Meg Casey
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"Most Able Disabled"

Meg Casey's handicapped issues column

Meg Casey
Meg Casey oil painting
courtesy of the Casey family

Doctors And The Disabled

Comforting Others

July 13 1983

Dear Readers,

At the Pocono "Gathering" with 14 other families with progeria, the experience of watching these separate family units melt into one as the days progressed and to feel the warmth of comfort and support given back and forth between them was an overpowering thing. To hear the anguish as one of the children, little 9 year old Gigi from Chile, died of heart failure. His family neither speaking nor understanding the English language, and communicating solely through an interpreter as they told us all to "continue on in joy and hope because that was how Gigi would have wanted it." To sense the fear of the end in the hearts of every parent as they walked away from that little speech in a choked silence and stood watching their own special child running about giggling by the poolside.

To see the absolute torment in the eyes of the new parents when they heard from that scene to me with the conflicting emotions of fear and hope battling for the the supremacy of their spirits. As overwhelming "proud" flashing on and off to them, like neon lights key drove these people to my side repeatedly, continuously to ask "just a few more questions," to touch my hand, or simply sit there quietly and watch me breathe.

The burden of that need was as scary as it was heavy at times. The might of its weight rushing at me was almost enough to make me run away and cry – to hide from my inability to make promises for their child's future longevity filled with only good health, happiness and success. The promises that my maternal instincts understood the need for and that my heart desperately wanted to give.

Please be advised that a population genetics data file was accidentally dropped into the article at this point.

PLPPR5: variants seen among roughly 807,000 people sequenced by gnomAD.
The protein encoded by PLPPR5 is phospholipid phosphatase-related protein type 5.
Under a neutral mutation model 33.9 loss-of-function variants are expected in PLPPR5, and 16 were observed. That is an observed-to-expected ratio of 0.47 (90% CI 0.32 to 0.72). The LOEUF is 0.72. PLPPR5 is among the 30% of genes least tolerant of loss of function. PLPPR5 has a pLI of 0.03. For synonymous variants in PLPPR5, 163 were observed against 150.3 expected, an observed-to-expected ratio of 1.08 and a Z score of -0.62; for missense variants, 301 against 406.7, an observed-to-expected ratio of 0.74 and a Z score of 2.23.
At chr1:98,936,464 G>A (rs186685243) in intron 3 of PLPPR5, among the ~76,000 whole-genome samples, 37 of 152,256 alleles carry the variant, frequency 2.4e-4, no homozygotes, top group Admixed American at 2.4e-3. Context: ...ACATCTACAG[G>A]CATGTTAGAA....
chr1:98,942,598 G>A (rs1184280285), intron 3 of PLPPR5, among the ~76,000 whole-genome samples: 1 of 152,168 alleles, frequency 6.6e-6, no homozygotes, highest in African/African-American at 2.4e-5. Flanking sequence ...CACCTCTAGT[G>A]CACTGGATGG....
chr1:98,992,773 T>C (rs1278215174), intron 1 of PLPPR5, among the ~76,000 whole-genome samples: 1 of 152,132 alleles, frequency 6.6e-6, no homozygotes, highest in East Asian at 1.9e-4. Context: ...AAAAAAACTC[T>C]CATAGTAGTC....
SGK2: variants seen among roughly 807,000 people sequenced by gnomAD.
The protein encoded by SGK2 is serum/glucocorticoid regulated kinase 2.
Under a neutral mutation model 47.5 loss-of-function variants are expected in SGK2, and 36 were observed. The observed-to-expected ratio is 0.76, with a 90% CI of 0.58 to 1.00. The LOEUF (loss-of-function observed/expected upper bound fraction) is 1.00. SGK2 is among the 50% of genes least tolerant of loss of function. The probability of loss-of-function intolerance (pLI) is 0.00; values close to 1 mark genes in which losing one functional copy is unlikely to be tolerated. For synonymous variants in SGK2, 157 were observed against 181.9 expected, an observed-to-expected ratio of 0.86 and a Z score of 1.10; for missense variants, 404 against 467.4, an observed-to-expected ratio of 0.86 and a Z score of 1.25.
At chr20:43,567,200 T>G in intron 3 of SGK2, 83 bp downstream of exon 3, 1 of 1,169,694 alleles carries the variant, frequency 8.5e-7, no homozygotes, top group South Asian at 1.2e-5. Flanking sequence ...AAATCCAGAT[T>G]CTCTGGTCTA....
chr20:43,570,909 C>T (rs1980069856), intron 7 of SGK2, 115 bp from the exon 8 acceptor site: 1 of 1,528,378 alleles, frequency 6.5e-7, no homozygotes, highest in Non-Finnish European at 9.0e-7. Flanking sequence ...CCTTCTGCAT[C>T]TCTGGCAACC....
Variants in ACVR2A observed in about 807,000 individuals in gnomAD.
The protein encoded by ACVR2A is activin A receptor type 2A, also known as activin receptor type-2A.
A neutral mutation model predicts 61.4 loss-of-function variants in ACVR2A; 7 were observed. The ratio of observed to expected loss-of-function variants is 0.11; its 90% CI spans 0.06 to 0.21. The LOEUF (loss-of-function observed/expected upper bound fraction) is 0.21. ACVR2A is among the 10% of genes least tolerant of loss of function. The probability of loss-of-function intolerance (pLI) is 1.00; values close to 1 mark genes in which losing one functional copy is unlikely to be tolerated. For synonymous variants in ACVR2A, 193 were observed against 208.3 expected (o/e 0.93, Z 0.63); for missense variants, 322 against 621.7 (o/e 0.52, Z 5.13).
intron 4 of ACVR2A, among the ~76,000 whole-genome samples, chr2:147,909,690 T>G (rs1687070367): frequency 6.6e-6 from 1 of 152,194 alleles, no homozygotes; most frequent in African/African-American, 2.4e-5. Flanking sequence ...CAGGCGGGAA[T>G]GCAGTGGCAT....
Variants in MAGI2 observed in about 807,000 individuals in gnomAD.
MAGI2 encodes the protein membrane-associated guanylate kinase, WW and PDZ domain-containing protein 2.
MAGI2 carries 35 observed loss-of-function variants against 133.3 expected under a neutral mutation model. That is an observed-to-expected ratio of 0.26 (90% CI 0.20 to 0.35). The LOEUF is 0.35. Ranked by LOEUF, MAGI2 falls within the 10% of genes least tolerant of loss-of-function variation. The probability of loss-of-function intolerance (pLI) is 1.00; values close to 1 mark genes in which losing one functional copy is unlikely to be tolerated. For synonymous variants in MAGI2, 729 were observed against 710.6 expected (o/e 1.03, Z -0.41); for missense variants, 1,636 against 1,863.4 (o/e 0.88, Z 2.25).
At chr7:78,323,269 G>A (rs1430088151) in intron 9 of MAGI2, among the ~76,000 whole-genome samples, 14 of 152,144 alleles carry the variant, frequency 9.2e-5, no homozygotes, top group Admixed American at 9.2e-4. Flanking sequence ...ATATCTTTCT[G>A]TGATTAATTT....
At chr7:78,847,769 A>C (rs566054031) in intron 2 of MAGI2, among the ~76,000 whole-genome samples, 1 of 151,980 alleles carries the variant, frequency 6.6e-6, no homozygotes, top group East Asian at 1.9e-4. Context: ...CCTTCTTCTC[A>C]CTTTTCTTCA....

The questions asked of me will give a view of life with a disability as experienced through loving family members. Everyone in a family is a affected by events which occur in their lives together.

In the end I can't make promises for the future but I could give advice for the present. Enjoy each other now to the fullest and don't concentrate on the questionable tomorrow. If you worry about what is to be come your will have I wasted the time at hand and have missed out on all the joys found and the little details that make your memories so sweet.

Some from the older generations try to brave their way through pain and are reluctant to say when they are in discomfort. One may have to diagnose as a veterinarian does by watching for signs. An example is holding their head from a headache may actually be a mini stroke that can lead to disabling problems down the road.

Treating Handicapped Children

July 27 1983

Dear Meg,

My wife and I often worry about the choices we make for our son. There aren't any answers available for treating progeria.

Dear Concerned Dad,

Inasmuch as progeria is a mystery to medical profession, it was evident to everyone who attended the "gathering in the Poconos" that the degree to which the condition affected the 14 progeriacs present varied from case to case. Some were affected more severely than others. An accurate pattern of the progression for the syndrome was not obvious there regardless of how you lined us up - by age, height, sex or even alphabetically. Therefore, the medical treatment for each of these people is going to be a little different for each of these people from one to the other. Just the name of the treatments of the individual personally involved will have to be a tailored fit to that individual's situation.